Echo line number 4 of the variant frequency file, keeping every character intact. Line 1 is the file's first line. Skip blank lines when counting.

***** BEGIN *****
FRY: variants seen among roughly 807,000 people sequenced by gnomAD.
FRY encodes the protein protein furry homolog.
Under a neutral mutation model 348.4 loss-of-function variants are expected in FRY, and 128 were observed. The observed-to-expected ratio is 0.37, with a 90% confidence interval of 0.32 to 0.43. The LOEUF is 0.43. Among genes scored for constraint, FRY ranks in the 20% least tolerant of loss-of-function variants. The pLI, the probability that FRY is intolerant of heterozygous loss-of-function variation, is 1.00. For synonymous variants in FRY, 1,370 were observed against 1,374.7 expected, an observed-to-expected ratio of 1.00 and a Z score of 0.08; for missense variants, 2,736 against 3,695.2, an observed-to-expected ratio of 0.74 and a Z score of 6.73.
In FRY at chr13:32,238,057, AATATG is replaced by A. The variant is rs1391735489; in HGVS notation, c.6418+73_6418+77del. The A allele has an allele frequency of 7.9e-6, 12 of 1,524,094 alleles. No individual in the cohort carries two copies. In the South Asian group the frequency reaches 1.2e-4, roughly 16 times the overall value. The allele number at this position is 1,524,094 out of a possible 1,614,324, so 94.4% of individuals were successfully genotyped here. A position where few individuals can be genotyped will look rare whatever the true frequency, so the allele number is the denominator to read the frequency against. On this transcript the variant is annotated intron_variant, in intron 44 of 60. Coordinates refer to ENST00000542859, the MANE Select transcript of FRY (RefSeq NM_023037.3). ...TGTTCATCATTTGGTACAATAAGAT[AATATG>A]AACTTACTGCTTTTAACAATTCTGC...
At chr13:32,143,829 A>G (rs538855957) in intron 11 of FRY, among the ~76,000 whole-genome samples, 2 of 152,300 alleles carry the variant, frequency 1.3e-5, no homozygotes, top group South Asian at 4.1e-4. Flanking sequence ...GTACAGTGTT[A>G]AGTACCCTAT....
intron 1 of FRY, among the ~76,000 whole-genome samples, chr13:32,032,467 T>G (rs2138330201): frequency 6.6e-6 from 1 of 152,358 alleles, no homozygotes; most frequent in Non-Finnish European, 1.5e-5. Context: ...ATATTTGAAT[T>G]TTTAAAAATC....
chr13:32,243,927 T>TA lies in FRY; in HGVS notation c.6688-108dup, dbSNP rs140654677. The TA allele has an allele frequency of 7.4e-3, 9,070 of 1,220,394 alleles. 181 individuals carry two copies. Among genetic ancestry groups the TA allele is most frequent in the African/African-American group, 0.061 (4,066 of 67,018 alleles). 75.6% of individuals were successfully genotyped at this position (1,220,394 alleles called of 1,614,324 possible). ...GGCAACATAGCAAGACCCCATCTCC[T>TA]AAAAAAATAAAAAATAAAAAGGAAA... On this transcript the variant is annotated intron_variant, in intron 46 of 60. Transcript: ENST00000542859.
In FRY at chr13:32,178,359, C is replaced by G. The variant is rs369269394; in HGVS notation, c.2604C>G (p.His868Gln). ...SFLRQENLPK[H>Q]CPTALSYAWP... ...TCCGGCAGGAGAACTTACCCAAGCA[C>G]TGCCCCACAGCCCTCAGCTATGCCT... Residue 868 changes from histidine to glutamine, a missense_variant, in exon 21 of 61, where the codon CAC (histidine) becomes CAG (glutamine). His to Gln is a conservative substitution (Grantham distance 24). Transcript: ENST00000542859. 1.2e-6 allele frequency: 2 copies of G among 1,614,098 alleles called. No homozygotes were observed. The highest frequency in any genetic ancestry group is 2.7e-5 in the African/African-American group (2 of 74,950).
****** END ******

In FRY at chr13:32,238,057, AATATG is replaced by A. The variant is rs1391735489; in HGVS notation, c.6418+73_6418+77del. The A allele has an allele frequency of 7.9e-6, 12 of 1,524,094 alleles. No individual in the cohort carries two copies. In the South Asian group the frequency reaches 1.2e-4, roughly 16 times the overall value. The allele number at this position is 1,524,094 out of a possible 1,614,324, so 94.4% of individuals were successfully genotyped here. A position where few individuals can be genotyped will look rare whatever the true frequency, so the allele number is the denominator to read the frequency against. On this transcript the variant is annotated intron_variant, in intron 44 of 60. Coordinates refer to ENST00000542859, the MANE Select transcript of FRY (RefSeq NM_023037.3). ...TGTTCATCATTTGGTACAATAAGAT[AATATG>A]AACTTACTGCTTTTAACAATTCTGC...